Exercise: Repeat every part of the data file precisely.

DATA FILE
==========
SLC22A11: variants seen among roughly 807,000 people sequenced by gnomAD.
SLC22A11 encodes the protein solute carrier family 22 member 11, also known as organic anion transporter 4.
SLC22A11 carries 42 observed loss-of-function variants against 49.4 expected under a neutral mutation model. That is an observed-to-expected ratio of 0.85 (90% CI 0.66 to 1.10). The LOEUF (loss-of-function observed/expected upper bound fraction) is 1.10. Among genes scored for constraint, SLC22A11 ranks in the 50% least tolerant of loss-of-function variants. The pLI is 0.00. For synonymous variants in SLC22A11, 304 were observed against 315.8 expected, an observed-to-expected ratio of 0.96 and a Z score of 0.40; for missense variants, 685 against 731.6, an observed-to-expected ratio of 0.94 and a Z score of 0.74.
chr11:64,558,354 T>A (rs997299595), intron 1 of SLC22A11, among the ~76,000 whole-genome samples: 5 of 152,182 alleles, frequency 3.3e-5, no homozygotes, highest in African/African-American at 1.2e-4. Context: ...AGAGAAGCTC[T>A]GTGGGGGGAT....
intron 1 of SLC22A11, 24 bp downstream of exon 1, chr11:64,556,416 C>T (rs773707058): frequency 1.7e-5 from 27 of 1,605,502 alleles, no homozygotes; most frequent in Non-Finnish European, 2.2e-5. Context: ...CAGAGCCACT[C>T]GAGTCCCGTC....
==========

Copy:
SLC22A11: variants seen among roughly 807,000 people sequenced by gnomAD.
SLC22A11 encodes the protein solute carrier family 22 member 11, also known as organic anion transporter 4.
SLC22A11 carries 42 observed loss-of-function variants against 49.4 expected under a neutral mutation model. That is an observed-to-expected ratio of 0.85 (90% CI 0.66 to 1.10). The LOEUF (loss-of-function observed/expected upper bound fraction) is 1.10. Among genes scored for constraint, SLC22A11 ranks in the 50% least tolerant of loss-of-function variants. The pLI is 0.00. For synonymous variants in SLC22A11, 304 were observed against 315.8 expected, an observed-to-expected ratio of 0.96 and a Z score of 0.40; for missense variants, 685 against 731.6, an observed-to-expected ratio of 0.94 and a Z score of 0.74.
chr11:64,558,354 T>A (rs997299595), intron 1 of SLC22A11, among the ~76,000 whole-genome samples: 5 of 152,182 alleles, frequency 3.3e-5, no homozygotes, highest in African/African-American at 1.2e-4. Context: ...AGAGAAGCTC[T>A]GTGGGGGGAT....
intron 1 of SLC22A11, 24 bp downstream of exon 1, chr11:64,556,416 C>T (rs773707058): frequency 1.7e-5 from 27 of 1,605,502 alleles, no homozygotes; most frequent in Non-Finnish European, 2.2e-5. Context: ...CAGAGCCACT[C>T]GAGTCCCGTC....